Tuesday, November 21, 2006


ON 20th November I attended the launch of the British Foreign Office anti-corruption film 'Crimes of the Establishment'. The film is a welcome initiative, and the launch offered a useful opportunity for discussion about the UK's role in tackling corrupt practices.

However, the focus of both the film and the discussion at the launch was largely on bribery of public officials and embezzlement by kleptomaniacs, and no mention was made about the role of financial intermediaries and Western firms using their political power to extract fiscal incentives from developing countries, or using offshore finance centres to operate trade mispricing schemes for profits laundering purposes. When I raised questions on this subject it was clear that British officials have still not grasped the essential issue, which is that for so long as Britain and its Crown Dependencies and Overseas Territories continue to provide secrecy space by allowing non-disclosure of beneficial ownership of companies and trusts, this country will remain a nexus for the facilitation of corrupt practices.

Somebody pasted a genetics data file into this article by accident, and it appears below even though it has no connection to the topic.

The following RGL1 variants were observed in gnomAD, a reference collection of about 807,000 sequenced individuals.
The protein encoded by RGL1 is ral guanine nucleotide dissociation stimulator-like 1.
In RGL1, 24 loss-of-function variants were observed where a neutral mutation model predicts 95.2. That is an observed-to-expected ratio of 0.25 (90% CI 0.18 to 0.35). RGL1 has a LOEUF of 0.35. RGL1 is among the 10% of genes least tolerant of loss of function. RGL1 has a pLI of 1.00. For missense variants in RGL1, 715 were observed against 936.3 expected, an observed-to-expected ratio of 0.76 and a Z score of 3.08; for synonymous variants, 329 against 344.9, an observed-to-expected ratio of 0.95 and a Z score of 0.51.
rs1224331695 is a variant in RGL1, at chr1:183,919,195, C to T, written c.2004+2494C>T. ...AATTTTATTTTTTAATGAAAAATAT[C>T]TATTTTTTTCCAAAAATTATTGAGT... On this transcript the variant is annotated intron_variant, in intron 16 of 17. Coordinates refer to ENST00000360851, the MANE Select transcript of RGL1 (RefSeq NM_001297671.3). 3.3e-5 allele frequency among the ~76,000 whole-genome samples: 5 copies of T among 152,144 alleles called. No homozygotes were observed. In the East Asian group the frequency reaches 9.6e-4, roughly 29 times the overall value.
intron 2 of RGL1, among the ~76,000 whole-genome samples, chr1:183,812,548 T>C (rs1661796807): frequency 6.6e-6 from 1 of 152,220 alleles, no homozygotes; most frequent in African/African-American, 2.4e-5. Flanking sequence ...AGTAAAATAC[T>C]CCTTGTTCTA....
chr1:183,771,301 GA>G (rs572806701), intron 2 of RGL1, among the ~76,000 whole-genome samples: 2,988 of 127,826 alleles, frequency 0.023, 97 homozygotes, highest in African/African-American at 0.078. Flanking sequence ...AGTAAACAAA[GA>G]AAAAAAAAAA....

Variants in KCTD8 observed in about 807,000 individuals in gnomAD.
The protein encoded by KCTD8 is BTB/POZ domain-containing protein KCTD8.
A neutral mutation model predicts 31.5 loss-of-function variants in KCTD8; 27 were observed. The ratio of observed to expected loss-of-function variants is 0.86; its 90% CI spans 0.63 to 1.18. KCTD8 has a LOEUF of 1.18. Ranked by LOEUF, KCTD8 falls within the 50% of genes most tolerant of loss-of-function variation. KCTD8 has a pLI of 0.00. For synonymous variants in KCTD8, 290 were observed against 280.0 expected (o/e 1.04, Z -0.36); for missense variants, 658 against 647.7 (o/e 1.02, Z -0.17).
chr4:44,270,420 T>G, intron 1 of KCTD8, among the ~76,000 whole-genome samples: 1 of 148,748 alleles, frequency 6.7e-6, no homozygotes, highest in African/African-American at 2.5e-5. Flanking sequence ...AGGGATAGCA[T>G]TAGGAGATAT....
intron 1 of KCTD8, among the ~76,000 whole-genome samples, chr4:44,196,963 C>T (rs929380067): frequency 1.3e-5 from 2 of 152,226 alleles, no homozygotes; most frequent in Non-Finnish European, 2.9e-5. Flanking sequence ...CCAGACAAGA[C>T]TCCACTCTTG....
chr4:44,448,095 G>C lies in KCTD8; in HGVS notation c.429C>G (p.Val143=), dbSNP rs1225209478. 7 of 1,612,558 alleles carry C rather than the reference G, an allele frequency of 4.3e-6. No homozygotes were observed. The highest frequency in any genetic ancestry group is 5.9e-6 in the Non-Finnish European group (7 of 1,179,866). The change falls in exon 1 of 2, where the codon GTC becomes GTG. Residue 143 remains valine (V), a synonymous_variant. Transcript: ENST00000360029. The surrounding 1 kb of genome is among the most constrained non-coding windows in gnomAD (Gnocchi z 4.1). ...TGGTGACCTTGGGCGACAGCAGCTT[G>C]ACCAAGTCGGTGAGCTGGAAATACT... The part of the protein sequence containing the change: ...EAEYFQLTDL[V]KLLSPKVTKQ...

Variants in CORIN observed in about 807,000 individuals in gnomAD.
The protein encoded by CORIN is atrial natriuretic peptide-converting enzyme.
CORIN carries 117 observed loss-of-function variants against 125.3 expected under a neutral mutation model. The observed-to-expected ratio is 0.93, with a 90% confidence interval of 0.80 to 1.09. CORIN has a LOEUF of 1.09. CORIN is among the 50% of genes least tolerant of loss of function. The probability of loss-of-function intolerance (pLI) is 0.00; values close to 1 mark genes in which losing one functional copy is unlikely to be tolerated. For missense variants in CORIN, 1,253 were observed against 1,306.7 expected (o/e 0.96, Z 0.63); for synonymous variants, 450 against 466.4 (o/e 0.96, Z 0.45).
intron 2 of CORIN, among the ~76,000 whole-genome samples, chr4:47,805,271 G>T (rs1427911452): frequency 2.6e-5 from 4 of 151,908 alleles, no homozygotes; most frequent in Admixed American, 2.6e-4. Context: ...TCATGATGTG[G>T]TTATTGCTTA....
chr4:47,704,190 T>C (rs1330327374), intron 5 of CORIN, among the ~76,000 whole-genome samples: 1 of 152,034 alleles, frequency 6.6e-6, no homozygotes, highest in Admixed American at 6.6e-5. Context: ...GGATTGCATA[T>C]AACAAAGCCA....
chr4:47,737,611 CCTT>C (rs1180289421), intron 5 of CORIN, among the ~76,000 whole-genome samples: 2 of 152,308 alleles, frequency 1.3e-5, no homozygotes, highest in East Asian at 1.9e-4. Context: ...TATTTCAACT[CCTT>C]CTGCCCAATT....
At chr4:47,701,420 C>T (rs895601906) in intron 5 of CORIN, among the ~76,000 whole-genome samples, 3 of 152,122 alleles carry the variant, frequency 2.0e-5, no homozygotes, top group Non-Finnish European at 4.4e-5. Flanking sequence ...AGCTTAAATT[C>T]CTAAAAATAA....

Coincidentally, last week US Senator Carl Levin shifted the focus of the Permanent Sub Committee of Investigations to examine the role of shell companies in enabling money laundering and corruption. Over two million companies are formed annually in the US without disclosure of ownership. The vast majority of these will be used for correct purposes, but a significant proportion will not. In evidence to the Sub Committee a senior official said: "This domestic transparency gap is an impediment to US law enforcement and the enforcement of tax laws in other countries."

Exactly the same applies to Britain. We cannot pretend that the proliferation of new statutes and agencies in recent years will be adequate to tackling the supply side of corruption without taking robust measures to scrap offshore secrecy. It is time to recognise that legitimate business has no need for secrecy. On the other hand, countries that allow non-transparent corporate structures and secret trusts are inviting criminality. So whilst I welcome the release of 'Crimes of the Establishment' I nevertheless hold to my view that the British Establishment remains committed to policies which foster corruption both in Britain and abroad.

John Christensen


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